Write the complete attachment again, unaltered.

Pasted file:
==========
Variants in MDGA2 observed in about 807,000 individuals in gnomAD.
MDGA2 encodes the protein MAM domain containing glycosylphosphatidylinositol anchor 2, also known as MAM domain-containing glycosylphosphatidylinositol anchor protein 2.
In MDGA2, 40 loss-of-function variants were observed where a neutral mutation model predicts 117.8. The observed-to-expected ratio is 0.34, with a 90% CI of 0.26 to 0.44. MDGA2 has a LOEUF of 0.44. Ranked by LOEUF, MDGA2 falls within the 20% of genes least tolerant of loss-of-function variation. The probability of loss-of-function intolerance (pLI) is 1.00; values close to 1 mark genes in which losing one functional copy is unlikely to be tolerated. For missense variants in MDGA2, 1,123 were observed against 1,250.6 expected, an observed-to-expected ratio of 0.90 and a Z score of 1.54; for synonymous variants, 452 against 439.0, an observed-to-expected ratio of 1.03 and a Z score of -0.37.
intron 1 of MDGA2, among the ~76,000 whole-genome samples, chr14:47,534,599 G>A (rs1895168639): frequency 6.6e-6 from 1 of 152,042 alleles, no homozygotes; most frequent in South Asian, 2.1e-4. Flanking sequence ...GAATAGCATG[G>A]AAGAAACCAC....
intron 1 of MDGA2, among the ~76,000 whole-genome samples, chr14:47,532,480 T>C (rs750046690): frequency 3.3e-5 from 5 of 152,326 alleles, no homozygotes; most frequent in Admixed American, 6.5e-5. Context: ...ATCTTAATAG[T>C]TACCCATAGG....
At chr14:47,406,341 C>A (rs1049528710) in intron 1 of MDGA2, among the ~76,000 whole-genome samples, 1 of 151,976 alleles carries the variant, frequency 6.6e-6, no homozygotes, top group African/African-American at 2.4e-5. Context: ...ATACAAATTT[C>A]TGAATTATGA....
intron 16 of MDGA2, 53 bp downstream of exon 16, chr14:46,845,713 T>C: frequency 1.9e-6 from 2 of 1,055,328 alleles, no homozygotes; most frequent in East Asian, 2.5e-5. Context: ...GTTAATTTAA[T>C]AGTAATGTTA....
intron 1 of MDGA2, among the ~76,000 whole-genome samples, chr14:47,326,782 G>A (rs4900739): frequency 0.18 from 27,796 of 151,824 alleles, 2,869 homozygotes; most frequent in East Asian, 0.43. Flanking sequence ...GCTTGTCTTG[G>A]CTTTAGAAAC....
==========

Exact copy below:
Variants in MDGA2 observed in about 807,000 individuals in gnomAD.
MDGA2 encodes the protein MAM domain containing glycosylphosphatidylinositol anchor 2, also known as MAM domain-containing glycosylphosphatidylinositol anchor protein 2.
In MDGA2, 40 loss-of-function variants were observed where a neutral mutation model predicts 117.8. The observed-to-expected ratio is 0.34, with a 90% CI of 0.26 to 0.44. MDGA2 has a LOEUF of 0.44. Ranked by LOEUF, MDGA2 falls within the 20% of genes least tolerant of loss-of-function variation. The probability of loss-of-function intolerance (pLI) is 1.00; values close to 1 mark genes in which losing one functional copy is unlikely to be tolerated. For missense variants in MDGA2, 1,123 were observed against 1,250.6 expected, an observed-to-expected ratio of 0.90 and a Z score of 1.54; for synonymous variants, 452 against 439.0, an observed-to-expected ratio of 1.03 and a Z score of -0.37.
intron 1 of MDGA2, among the ~76,000 whole-genome samples, chr14:47,534,599 G>A (rs1895168639): frequency 6.6e-6 from 1 of 152,042 alleles, no homozygotes; most frequent in South Asian, 2.1e-4. Flanking sequence ...GAATAGCATG[G>A]AAGAAACCAC....
intron 1 of MDGA2, among the ~76,000 whole-genome samples, chr14:47,532,480 T>C (rs750046690): frequency 3.3e-5 from 5 of 152,326 alleles, no homozygotes; most frequent in Admixed American, 6.5e-5. Context: ...ATCTTAATAG[T>C]TACCCATAGG....
At chr14:47,406,341 C>A (rs1049528710) in intron 1 of MDGA2, among the ~76,000 whole-genome samples, 1 of 151,976 alleles carries the variant, frequency 6.6e-6, no homozygotes, top group African/African-American at 2.4e-5. Context: ...ATACAAATTT[C>A]TGAATTATGA....
intron 16 of MDGA2, 53 bp downstream of exon 16, chr14:46,845,713 T>C: frequency 1.9e-6 from 2 of 1,055,328 alleles, no homozygotes; most frequent in East Asian, 2.5e-5. Context: ...GTTAATTTAA[T>C]AGTAATGTTA....
intron 1 of MDGA2, among the ~76,000 whole-genome samples, chr14:47,326,782 G>A (rs4900739): frequency 0.18 from 27,796 of 151,824 alleles, 2,869 homozygotes; most frequent in East Asian, 0.43. Flanking sequence ...GCTTGTCTTG[G>A]CTTTAGAAAC....